Hopefully there are restaurants in your area with gluten-free menus. Big cities tend to have more of these because GF is kind of a fad diet right now (though I still don't understand why). Several chains, such as Outback Steak House and Chilis, offer gluten-free options. We went to an Outback once where the manager brought out Amy's food himself so that she knew her plate hadn't even touched the plates with gluten on them. Not all places are that awesome though, even the ones that claim to accommodate food allergies can screw up. When Amy orders at a restaurant she basically has to scare them into thinking she will die if gluten touches her plate. I'm not going to lie, I have used this trick before when trying to order something without onions. I have never heard of a fatal onion allergy, but no one has challenged me on this as of yet (I don't do it that often, seems like bad karma).


Tuesday, October 13, 2009

F.O.C.U. Tip #3

LEARN TO LOVE GLUTEN-FREE STUFF.
If you frequently socialize with gluten-free folks, it is way easier to eat and drink what they do as much as possible. #1: it saves money because you aren't buying two types of everything. #2: it cuts down on the chances of an accidental glutening. I now only buy potato vodka over grain vodka and I'm pretty sure home made rice cookies (slightly under cooked) are one of the greatest foods on earth.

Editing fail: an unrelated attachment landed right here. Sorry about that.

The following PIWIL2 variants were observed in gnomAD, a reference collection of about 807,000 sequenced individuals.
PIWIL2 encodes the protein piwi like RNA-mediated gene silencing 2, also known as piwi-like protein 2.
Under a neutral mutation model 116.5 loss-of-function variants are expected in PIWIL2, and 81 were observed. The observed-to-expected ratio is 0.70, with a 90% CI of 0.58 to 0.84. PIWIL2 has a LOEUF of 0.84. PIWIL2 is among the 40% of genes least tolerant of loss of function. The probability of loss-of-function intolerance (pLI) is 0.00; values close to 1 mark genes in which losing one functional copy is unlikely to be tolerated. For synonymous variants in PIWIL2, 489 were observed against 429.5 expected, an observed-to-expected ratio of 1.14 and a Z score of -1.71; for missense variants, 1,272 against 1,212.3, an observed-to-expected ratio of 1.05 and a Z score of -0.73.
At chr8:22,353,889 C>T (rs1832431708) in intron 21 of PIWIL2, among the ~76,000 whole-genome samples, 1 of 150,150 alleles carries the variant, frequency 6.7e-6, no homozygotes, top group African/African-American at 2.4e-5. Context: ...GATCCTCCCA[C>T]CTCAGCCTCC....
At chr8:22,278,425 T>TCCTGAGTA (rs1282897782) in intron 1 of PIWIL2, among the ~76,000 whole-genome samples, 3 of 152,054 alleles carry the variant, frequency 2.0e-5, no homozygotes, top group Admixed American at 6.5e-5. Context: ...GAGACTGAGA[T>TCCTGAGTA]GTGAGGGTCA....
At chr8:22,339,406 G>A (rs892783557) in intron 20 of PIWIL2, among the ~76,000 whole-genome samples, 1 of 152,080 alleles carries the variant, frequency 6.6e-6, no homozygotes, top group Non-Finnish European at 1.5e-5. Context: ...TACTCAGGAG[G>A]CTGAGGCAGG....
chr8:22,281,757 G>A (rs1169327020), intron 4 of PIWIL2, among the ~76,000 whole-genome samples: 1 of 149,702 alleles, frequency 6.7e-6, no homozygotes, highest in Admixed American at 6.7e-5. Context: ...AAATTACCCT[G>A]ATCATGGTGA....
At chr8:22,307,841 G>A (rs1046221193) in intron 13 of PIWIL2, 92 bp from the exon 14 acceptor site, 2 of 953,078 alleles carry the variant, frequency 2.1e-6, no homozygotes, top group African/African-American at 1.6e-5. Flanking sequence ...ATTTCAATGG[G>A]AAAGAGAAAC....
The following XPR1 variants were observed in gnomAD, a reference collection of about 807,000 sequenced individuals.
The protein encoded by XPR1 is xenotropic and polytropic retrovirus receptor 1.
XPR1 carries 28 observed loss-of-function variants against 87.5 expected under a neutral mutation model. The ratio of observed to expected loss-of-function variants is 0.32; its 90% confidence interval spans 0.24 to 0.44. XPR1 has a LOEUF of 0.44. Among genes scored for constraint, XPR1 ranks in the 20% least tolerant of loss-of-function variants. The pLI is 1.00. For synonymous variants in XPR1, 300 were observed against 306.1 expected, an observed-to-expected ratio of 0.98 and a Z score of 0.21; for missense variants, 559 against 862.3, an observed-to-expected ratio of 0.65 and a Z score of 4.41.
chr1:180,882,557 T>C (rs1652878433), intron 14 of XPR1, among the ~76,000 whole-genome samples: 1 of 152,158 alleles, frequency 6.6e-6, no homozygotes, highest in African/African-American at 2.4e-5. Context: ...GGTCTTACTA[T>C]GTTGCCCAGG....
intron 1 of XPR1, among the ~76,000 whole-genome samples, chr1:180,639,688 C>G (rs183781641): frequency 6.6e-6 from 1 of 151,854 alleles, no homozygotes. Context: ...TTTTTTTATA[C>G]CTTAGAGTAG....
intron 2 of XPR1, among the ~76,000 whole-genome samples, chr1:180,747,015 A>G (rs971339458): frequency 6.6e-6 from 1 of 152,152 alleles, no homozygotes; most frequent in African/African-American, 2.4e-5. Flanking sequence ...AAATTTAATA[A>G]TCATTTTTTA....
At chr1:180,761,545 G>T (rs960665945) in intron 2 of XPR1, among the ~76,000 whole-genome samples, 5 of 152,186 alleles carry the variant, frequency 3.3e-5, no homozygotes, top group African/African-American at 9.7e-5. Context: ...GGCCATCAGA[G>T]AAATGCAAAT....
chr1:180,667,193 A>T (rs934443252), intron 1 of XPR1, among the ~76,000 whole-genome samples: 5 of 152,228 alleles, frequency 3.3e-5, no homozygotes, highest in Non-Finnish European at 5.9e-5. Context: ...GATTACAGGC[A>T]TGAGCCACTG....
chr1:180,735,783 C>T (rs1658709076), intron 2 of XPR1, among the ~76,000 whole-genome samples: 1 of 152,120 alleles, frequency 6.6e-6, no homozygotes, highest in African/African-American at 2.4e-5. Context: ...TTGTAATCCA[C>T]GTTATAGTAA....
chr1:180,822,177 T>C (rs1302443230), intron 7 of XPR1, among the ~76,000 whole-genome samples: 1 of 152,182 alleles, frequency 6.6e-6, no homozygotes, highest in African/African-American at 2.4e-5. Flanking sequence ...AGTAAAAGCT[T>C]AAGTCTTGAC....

F.O.C.U. Tip #2

STOP OFFERING YOUR GLUTEN-FREE FRIEND GLUTEN.
I know, you like to share. I do too. But if you offer your Celiac friend a doughnut hole one more time he/she is going to punch you in the face. There is also the off chance that your gluten-free friend absent-mindedly eats the doughnut hole, at which point you will be partially responsible for a glutening. nice one.

F.O.C.U. Tip #1

KEEP YOUR CRACKER OUT OF THE CHEESE.
This is not an innuendo, I'm talking about accidental contamination and it is the easiest gluten no-no to make. Hanging out with a Celiac is like...I don't know...some sports analogy about needing to be alert all the time.